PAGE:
Speak As One emphasizes community stories in its branding outside the delivery box, and uses inspiration from “influencers” (less content creators and more so people who can embody a relatable story) to build the specialty boxes. The company’s YouTube channel shares dozens of interviews with founder Julie Korioth, a former board member for Austin’s SIMS Foundation, a well-respected mental health resource for members of the local music industry.

“With hundreds of millions of people struggling with mental health, and COVID making the issue much worse, society continues to ostracize those who openly discuss mental health issues,” said Korioth in a release. “I founded this company so we can change the way the world sees, discusses, and supports mental health. Our goal is to promote empathy, connectedness, acceptance, and thoughtfulness with an innovative toolkit that caters to specific needs."

In addition to offering a nudge, these boxes could make great care packages for a loved one who is feeling introspective or going through a significant life event. It is possible to buy gift boxes, if presentation is your thing, but it’d be just as easy to repackage a box that comes before the receiver ready to appreciate the items at home.

The cost of one box is manageable at $49.99 (especially considering the retail value of products included, which the sample box far exceed), but for many subscribers this adds up fast. Luckily, there is no pressure to continue a lengthy commitment — subscriptions last between one and six months, so users have plenty of time to reconsider and sit with the items that have already been delivered.“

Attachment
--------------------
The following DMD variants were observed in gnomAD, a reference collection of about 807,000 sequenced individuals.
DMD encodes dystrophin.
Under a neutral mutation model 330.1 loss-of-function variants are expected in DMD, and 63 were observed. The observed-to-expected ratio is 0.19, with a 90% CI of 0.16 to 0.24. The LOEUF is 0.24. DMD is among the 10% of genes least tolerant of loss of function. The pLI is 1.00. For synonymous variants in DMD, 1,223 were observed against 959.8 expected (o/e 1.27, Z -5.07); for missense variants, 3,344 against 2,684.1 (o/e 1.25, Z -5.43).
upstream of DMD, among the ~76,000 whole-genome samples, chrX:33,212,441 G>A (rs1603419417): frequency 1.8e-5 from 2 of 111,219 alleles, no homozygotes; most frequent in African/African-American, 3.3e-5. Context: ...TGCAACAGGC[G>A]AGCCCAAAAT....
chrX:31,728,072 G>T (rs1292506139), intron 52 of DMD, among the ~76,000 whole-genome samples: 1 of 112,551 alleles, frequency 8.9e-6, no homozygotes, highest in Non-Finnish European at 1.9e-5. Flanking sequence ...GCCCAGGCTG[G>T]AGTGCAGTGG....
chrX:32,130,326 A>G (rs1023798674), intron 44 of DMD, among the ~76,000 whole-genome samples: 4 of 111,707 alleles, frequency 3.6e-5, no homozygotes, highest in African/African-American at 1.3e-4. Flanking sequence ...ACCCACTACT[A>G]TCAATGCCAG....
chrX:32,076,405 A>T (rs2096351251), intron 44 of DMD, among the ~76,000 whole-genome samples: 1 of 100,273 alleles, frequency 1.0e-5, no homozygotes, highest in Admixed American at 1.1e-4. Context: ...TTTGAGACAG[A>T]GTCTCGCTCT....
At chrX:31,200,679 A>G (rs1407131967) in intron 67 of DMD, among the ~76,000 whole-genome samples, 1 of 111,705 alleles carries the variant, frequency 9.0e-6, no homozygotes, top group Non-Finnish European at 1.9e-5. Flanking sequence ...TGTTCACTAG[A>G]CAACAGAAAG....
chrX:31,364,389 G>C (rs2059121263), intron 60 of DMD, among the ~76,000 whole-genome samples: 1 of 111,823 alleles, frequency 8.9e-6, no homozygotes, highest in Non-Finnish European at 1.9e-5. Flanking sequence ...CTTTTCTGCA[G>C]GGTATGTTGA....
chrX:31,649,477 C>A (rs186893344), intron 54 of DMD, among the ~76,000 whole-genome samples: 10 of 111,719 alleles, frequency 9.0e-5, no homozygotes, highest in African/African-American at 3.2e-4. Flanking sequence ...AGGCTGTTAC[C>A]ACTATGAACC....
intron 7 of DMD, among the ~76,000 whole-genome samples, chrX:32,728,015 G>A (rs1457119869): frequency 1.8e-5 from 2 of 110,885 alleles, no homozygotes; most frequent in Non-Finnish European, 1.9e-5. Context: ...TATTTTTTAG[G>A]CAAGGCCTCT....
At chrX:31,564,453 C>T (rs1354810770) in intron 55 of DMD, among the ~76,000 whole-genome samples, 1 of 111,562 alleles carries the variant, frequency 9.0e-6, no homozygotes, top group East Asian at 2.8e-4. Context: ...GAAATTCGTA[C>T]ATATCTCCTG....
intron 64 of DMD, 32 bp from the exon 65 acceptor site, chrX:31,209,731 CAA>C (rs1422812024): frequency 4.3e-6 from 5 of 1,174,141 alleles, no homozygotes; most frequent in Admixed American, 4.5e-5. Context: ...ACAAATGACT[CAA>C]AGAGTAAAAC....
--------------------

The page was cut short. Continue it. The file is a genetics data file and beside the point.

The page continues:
The goal is to meet our audience at any phase of their mental health journey,” said Korioth. “We’re creating change and a global life-long support system for children and adults dealing with mental health challenges. We simultaneously highlight businesses, the tech community, athletes, and artists doing wonderful work in this space.”

The company plans to partner with corporations to connect with employees and provide boxes to individuals the company chooses, and will turn some content into session albums with sales proceeds dedicated to mental health research.

More information and links to preorder are available at speakasone.com.

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This article originally ran on CultureMap.

Houston expert shares tips for navigating cybersecurity challenges amid the holiday season

guest column

It’s a grinch's cyber-playground, and this holiday season, you’re at risk — even if you think it won’t happen to you.

The good news is you can protect yourself from scams and fraud. Just remember that cybercriminals don’t discriminate, they can prey on anyone.

These statistics may surprise you:

  • Anxiety about having a mobile device hacked differs by demographic; low-income Black women rank mobile security as their number one concern, while the general population ranks mobile security as their third largest concern, according to a recent Recon Analytics survey of more than 3,297 U.S. consumers.
  • 44 percent of millennials have been victims of online crime in the last year and 31 percent admit they share their passwords with others.